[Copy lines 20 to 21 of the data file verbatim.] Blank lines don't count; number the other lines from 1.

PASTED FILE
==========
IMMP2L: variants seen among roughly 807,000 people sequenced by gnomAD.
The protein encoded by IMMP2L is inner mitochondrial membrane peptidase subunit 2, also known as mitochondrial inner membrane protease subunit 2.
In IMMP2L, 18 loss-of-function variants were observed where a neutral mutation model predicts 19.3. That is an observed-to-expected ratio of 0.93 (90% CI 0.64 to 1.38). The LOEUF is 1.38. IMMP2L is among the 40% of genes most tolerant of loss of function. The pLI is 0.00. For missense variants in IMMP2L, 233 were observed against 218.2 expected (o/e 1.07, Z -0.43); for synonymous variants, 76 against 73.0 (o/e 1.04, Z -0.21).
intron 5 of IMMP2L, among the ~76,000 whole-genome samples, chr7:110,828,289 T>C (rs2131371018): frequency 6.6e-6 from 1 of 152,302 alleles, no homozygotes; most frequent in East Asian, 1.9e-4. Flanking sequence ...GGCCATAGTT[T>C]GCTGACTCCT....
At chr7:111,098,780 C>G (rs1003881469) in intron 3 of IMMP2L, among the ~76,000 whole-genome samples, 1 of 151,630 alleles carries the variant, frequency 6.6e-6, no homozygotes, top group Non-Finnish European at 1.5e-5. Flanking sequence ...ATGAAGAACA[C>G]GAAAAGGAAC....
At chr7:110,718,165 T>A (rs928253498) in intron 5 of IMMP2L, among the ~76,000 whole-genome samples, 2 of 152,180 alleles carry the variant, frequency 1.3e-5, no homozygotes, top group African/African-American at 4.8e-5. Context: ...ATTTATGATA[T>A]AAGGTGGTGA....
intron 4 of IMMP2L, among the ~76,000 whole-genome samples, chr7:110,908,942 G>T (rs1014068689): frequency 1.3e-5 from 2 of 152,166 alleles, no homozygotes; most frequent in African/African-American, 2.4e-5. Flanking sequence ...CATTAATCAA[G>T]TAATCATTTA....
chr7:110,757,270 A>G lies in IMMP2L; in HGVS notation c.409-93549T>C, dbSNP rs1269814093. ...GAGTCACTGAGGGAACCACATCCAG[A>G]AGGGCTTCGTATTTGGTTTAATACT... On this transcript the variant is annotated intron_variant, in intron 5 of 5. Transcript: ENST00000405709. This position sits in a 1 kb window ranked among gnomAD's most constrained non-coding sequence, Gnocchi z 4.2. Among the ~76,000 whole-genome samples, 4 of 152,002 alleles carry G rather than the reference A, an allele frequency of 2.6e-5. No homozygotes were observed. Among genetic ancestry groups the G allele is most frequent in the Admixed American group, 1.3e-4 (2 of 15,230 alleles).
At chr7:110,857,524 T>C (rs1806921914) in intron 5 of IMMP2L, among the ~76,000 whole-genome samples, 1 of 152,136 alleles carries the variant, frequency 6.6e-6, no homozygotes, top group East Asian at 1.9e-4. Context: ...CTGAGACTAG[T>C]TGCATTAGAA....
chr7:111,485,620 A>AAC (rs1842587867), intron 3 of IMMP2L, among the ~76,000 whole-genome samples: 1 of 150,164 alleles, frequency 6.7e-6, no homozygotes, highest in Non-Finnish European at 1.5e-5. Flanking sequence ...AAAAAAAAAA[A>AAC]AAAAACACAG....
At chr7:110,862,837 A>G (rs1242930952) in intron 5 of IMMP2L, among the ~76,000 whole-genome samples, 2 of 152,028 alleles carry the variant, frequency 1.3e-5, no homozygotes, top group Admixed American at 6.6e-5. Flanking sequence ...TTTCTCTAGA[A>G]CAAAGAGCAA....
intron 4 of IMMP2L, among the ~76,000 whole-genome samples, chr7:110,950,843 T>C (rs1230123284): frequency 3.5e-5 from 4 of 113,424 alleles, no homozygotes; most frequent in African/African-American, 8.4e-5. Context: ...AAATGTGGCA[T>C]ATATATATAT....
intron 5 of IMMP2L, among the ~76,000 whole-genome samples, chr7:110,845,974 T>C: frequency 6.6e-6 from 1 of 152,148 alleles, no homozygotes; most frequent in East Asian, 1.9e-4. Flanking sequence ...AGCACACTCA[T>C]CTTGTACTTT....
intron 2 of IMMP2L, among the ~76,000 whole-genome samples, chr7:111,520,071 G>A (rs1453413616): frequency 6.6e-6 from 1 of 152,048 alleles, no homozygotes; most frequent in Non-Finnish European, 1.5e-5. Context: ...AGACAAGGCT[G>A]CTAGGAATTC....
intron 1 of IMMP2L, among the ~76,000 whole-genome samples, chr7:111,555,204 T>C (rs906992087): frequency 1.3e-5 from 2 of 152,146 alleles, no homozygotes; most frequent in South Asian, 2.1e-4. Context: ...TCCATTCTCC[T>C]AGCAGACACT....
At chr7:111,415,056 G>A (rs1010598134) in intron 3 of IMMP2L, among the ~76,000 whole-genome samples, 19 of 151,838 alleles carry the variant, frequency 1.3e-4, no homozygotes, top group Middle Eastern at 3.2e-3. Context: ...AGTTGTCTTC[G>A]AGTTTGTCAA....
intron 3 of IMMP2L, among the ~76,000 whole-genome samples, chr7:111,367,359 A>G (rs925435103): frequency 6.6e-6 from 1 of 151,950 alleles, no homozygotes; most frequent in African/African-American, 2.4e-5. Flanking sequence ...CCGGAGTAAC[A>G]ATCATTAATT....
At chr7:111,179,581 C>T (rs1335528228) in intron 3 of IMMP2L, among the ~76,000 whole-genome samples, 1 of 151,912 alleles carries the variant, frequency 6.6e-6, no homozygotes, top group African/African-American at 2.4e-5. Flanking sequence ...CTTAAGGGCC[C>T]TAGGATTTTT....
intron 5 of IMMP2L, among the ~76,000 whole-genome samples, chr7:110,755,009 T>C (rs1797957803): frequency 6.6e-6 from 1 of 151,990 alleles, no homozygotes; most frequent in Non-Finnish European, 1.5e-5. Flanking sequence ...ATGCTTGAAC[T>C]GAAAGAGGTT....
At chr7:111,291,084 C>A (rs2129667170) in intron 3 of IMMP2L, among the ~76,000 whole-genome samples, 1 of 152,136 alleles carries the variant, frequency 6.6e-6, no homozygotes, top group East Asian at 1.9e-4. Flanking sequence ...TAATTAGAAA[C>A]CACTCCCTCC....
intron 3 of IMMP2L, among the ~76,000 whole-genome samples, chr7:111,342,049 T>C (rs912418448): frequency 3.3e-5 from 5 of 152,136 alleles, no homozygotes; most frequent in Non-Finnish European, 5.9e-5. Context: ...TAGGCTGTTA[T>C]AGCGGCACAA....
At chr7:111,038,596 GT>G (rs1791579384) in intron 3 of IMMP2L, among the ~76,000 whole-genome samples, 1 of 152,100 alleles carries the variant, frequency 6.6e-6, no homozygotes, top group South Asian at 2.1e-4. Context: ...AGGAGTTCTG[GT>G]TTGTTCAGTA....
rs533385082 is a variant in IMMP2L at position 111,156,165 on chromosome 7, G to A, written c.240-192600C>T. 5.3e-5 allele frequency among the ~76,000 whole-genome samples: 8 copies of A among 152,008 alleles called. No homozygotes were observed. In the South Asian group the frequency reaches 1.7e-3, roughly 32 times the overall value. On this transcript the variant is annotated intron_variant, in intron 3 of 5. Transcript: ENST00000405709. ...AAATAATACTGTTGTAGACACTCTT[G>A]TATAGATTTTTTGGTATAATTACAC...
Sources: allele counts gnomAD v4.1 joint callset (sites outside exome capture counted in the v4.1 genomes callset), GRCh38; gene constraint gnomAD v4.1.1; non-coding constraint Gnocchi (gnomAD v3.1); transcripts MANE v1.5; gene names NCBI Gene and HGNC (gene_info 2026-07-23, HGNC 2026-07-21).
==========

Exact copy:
At chr7:111,291,084 C>A (rs2129667170) in intron 3 of IMMP2L, among the ~76,000 whole-genome samples, 1 of 152,136 alleles carries the variant, frequency 6.6e-6, no homozygotes, top group East Asian at 1.9e-4. Flanking sequence ...TAATTAGAAA[C>A]CACTCCCTCC....
intron 3 of IMMP2L, among the ~76,000 whole-genome samples, chr7:111,342,049 T>C (rs912418448): frequency 3.3e-5 from 5 of 152,136 alleles, no homozygotes; most frequent in Non-Finnish European, 5.9e-5. Context: ...TAGGCTGTTA[T>C]AGCGGCACAA....